Big G Lucky Charms Leprechaun Rings NYSE Bell

In celebration of St. Patrick's Day, Lucky the Leprechaun-the well-known cartoon character that appears on boxes of General Mills' Lucky Charms cereal-began the day of Wall Street trading.

General Mills attempted to bring the luck of the Irish to Wall Street executives on Thursday morning.

Lucky the Leprechaun, the well-known figure that appears on boxes of the company's Lucky Charms cereal, rang the opening bell at the New York Stock Exchange in celebration of St. Patrick's Day.

This is the second consecutive year that the Lucky Charms leprechaun has helped Wall Street to celebrate St. Patrick's Day-but last year he attended a celebratory party rather than ringing the bell.

Golden Valley-based General Mills has long been listed on the New York Stock Exchange under the ticker symbol “GIS.”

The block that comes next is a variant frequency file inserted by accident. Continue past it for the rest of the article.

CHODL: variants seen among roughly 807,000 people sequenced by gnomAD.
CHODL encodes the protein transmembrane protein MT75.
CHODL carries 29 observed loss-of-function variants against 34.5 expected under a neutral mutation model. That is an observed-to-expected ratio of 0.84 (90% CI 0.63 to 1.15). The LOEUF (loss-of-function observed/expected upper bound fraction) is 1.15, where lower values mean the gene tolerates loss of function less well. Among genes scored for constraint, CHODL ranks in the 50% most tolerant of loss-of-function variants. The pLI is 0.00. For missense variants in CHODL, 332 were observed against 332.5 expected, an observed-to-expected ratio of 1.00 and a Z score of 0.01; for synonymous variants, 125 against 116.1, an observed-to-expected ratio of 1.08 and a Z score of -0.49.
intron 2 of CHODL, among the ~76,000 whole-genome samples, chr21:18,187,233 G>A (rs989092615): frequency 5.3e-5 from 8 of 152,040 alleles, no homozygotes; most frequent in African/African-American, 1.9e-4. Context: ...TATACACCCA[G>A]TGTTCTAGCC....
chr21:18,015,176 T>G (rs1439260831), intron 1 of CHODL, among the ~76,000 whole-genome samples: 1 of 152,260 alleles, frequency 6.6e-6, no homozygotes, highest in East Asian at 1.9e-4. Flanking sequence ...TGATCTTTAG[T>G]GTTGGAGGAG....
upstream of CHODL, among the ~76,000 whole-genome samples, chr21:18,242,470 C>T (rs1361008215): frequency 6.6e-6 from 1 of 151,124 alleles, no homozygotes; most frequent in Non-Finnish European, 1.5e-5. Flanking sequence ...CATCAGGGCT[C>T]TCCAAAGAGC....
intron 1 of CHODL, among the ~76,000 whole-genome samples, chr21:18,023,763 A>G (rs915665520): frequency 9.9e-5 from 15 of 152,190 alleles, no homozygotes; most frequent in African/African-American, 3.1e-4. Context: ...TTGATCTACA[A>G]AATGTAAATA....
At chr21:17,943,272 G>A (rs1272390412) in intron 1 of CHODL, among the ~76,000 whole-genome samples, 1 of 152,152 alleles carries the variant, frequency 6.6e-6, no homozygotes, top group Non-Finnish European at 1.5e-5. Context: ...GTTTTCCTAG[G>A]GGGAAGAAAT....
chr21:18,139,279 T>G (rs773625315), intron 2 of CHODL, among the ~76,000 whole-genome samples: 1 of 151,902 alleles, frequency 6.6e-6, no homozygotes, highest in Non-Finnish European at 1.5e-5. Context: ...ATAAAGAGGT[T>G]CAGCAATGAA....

Following the bell ringing, Lucky and two General Mills marketing executives-Joe Driscoll and Jill Kurzawa-distributed thousands of Lucky Charms samples to New York Stock Exchange employees.

Lucky Charms cereal was created in 1963 by a team that was tasked with using manufacturing capacity from either one of General Mills' principal cereal products at the time-Wheaties and Cheerios-and doing something unique to them, according to General Mills' Web site. The first iteration of Lucky Charms was invented by mixing Cheerios with bits of Kraft Circus Peanuts.

An advertising agency working with General Mills suggested marketing the new cereal around charm bracelets-and that's how the marshmallow charms came about. The mascot, Lucky the Leprechaun, is a cartoon character that was born the same year that the cereal debuted. A General Mills spokeswoman said Thursday that there was a brief period in Lucky Charms' history when a different character represented the brand instead, but Lucky returned by popular demand.

General Mills is Minnesota's eighth-largest public company based on revenue, which totaled $14.8 billion during its most recently completed fiscal year.